What We're Watching: Afghanistan's inaugurations,Taiwan vs China, Italy under quarantine

What We're Watching: Afghanistan's inaugurations,Taiwan vs China, Italy under quarantine

Afghanistan's parallel inaugurations – Afghani President Ashraf Ghani was sworn in for a second term Monday, but his political rival, Abdullah Abdullah, Afghanistan's Chief Executive, refused to recognize the inauguration and held his own concurrent swearing-in ceremony. Back in September, Afghanistan's Independent Election Commission announced that Ghani had won the election, but technical issues that delayed preliminary results, as well as allegations of fraud, prompted Abdullah to reject the outcome and proclaim himself the winner. This deepening political crisis threatens to plunge that country into chaos just days after the US and the Taliban signed a deal on the withdrawal of US-led international forces after 18 years of conflict. Whoever heads the Afghan government will have to oversee complicated intra-Afghan negotiations and a contentious prisoner exchange – as of now, we don't know who that will be.


Taiwan vs China – Two months ago, Taiwan's presidential election pitted a party that promised a harsher policy toward China against a party that pledged a friendlier one. The more hardline candidate, incumbent Tsai Ing-wen of the Democratic Progressive Party, won. The losing party, the Kuomintang (KMT), has announced that it too will adopt a somewhat tougher approach to relations with Beijing. In particular, the KMT, Taiwan's dominant political party for 50 years before falling out of favor, has renounced its former support for the so-called "1992 consensus," a policy which declared that China and Taiwan are part of "One China." That deliberately ambiguous phrase has allowed Beijing and Taipei to develop commercial links while avoiding hostilities. Now, both of Taiwan's major political parties appear to have rejected it, heightening tensions across the Taiwan Strait.

Italy under quarantine – Europe's third-biggest economy has imposed the toughest measures taken by any Western democracy to combat the spread of the coronavirus (COVID-19), locking down the entire country – 60 million people – in one of the most populated countries in Europe. The move isn't sitting well with some locals: one outraged mayor shot a home video in his t-shirt expressing frustration that he had not been consulted over the decision. European neighbors will be watching to see if the Italian government's strategy works. We're watching to see if the crisis forces the country's fractious ruling coalition to work together more effectively, winning new public support ahead of the next national election, or whether it will frustrate voters and further energize populists who want to buck EU budget rules and keep migrants out of the country.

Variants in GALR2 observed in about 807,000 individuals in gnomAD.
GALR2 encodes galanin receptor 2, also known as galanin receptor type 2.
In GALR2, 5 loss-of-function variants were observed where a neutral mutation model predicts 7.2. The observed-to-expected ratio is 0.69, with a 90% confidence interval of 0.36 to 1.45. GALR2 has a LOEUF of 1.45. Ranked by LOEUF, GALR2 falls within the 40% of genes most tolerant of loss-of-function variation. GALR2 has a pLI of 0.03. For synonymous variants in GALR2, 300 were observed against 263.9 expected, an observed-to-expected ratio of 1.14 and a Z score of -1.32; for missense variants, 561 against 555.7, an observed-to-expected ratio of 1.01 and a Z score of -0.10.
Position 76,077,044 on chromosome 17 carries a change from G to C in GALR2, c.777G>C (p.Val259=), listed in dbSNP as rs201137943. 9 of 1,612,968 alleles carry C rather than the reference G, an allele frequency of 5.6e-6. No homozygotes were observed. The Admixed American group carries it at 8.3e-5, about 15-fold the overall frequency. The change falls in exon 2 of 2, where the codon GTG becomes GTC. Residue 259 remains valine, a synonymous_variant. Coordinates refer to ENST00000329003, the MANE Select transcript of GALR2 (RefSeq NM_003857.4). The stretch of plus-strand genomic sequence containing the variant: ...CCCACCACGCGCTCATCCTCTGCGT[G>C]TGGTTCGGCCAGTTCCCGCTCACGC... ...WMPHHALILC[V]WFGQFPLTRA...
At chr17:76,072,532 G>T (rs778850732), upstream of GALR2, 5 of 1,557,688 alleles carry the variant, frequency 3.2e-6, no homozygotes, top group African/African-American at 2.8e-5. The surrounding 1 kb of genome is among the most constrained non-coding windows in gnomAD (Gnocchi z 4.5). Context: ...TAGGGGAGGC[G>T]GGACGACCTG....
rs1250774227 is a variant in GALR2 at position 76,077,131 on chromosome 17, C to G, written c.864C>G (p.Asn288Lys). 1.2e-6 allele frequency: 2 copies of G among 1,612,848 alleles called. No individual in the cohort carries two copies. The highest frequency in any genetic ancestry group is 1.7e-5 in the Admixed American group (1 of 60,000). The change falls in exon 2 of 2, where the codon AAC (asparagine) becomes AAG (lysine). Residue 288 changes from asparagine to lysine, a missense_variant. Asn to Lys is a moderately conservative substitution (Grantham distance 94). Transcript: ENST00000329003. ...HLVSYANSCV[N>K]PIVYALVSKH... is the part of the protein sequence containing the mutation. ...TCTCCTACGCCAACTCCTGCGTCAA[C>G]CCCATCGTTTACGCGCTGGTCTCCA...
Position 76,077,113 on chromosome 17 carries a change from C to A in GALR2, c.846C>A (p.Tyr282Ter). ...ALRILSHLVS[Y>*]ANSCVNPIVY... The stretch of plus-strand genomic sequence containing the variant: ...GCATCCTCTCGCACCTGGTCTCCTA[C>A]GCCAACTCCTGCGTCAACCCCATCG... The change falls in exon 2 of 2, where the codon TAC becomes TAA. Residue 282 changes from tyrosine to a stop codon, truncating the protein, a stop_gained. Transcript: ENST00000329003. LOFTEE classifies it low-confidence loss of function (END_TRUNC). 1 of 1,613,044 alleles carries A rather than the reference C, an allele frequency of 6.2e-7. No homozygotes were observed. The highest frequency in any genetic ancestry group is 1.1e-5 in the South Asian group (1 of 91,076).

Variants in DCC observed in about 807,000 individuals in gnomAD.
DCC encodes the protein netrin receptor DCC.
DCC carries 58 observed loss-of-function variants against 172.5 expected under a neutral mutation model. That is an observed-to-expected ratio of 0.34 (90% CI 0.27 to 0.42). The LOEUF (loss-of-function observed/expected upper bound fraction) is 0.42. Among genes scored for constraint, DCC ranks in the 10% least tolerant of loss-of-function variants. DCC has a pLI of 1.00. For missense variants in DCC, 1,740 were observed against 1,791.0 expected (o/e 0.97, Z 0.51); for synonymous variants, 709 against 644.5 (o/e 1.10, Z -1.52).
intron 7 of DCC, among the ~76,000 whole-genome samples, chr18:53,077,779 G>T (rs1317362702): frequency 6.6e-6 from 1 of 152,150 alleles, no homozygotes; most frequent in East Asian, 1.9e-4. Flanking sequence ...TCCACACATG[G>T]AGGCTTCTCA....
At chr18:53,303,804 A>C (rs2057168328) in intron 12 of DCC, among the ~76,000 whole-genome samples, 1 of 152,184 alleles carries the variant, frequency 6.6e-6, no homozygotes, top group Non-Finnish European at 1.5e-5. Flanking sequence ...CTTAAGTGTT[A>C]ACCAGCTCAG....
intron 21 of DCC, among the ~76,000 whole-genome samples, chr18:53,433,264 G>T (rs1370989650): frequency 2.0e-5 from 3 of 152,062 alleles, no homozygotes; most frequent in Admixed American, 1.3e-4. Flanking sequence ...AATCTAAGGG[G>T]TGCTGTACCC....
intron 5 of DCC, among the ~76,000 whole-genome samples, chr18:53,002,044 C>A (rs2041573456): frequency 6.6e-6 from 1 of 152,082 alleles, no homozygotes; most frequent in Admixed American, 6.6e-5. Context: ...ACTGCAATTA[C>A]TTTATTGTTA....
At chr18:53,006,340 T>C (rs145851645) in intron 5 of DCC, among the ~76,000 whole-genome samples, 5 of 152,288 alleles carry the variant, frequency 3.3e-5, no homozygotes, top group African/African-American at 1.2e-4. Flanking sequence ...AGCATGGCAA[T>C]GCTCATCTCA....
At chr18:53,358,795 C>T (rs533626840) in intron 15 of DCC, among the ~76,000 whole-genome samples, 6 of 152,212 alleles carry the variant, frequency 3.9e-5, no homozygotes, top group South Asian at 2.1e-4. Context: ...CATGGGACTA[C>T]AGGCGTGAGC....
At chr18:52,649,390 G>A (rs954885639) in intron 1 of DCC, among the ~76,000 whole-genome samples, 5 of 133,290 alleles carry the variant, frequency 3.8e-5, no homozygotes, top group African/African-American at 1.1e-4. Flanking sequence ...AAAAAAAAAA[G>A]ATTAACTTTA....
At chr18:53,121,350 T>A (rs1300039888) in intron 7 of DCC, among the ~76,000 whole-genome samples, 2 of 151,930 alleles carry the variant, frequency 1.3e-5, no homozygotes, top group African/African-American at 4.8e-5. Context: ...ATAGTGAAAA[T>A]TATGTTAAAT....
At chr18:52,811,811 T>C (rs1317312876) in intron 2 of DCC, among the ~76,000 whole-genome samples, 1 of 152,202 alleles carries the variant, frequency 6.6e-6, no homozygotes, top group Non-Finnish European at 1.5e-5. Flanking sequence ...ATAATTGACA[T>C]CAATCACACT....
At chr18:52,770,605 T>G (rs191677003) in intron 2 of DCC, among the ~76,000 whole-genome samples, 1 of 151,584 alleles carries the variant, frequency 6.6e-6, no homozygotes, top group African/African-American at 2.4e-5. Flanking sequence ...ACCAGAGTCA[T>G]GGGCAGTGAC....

What We're Ignoring

Venezuela's democracy on fire, literally – A fire has reportedly destroyed some 50,000 voting machines stored in a warehouse in the Venezuelan capital of Caracas, casting doubt on the country's ability to hold parliamentary elections later this year. There isn't enough evidence to determine whether the fire was accidental or somebody's act of sabotage, but accusations and hard evidence of past electoral cheating by Nicolas Maduro's government suggest the machines would not have been used for free and fair elections anyway.

This time last year, world health experts were speculating about why Africa appeared to have escaped the worst of the global pandemic. Younger populations? Natural immunity created by exposure to past viruses? Something else?

They can stop wondering. Africa is now in the grip of a COVID emergency.

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Get insights on the latest news in US politics from Jon Lieber, head of Eurasia Group's coverage of political and policy developments in Washington: